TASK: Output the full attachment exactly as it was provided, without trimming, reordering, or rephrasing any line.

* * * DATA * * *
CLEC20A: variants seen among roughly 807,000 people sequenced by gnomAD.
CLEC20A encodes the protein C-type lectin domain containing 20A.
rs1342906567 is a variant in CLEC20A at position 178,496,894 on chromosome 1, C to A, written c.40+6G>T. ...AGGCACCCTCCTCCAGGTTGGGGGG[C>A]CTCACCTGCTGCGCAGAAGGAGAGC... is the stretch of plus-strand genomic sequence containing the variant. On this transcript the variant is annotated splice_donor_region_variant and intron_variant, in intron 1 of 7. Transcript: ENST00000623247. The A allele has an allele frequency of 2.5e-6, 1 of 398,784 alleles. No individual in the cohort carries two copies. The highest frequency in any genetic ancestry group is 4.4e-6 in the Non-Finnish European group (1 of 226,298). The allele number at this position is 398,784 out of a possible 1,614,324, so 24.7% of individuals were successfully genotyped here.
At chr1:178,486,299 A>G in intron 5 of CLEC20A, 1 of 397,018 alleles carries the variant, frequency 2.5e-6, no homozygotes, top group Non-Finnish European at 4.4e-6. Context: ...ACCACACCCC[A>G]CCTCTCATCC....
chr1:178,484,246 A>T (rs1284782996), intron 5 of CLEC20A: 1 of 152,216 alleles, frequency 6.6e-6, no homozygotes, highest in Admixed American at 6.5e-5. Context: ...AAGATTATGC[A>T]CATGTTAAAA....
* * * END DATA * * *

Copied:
CLEC20A: variants seen among roughly 807,000 people sequenced by gnomAD.
CLEC20A encodes the protein C-type lectin domain containing 20A.
rs1342906567 is a variant in CLEC20A at position 178,496,894 on chromosome 1, C to A, written c.40+6G>T. ...AGGCACCCTCCTCCAGGTTGGGGGG[C>A]CTCACCTGCTGCGCAGAAGGAGAGC... is the stretch of plus-strand genomic sequence containing the variant. On this transcript the variant is annotated splice_donor_region_variant and intron_variant, in intron 1 of 7. Transcript: ENST00000623247. The A allele has an allele frequency of 2.5e-6, 1 of 398,784 alleles. No individual in the cohort carries two copies. The highest frequency in any genetic ancestry group is 4.4e-6 in the Non-Finnish European group (1 of 226,298). The allele number at this position is 398,784 out of a possible 1,614,324, so 24.7% of individuals were successfully genotyped here.
At chr1:178,486,299 A>G in intron 5 of CLEC20A, 1 of 397,018 alleles carries the variant, frequency 2.5e-6, no homozygotes, top group Non-Finnish European at 4.4e-6. Context: ...ACCACACCCC[A>G]CCTCTCATCC....
chr1:178,484,246 A>T (rs1284782996), intron 5 of CLEC20A: 1 of 152,216 alleles, frequency 6.6e-6, no homozygotes, highest in Admixed American at 6.5e-5. Context: ...AAGATTATGC[A>T]CATGTTAAAA....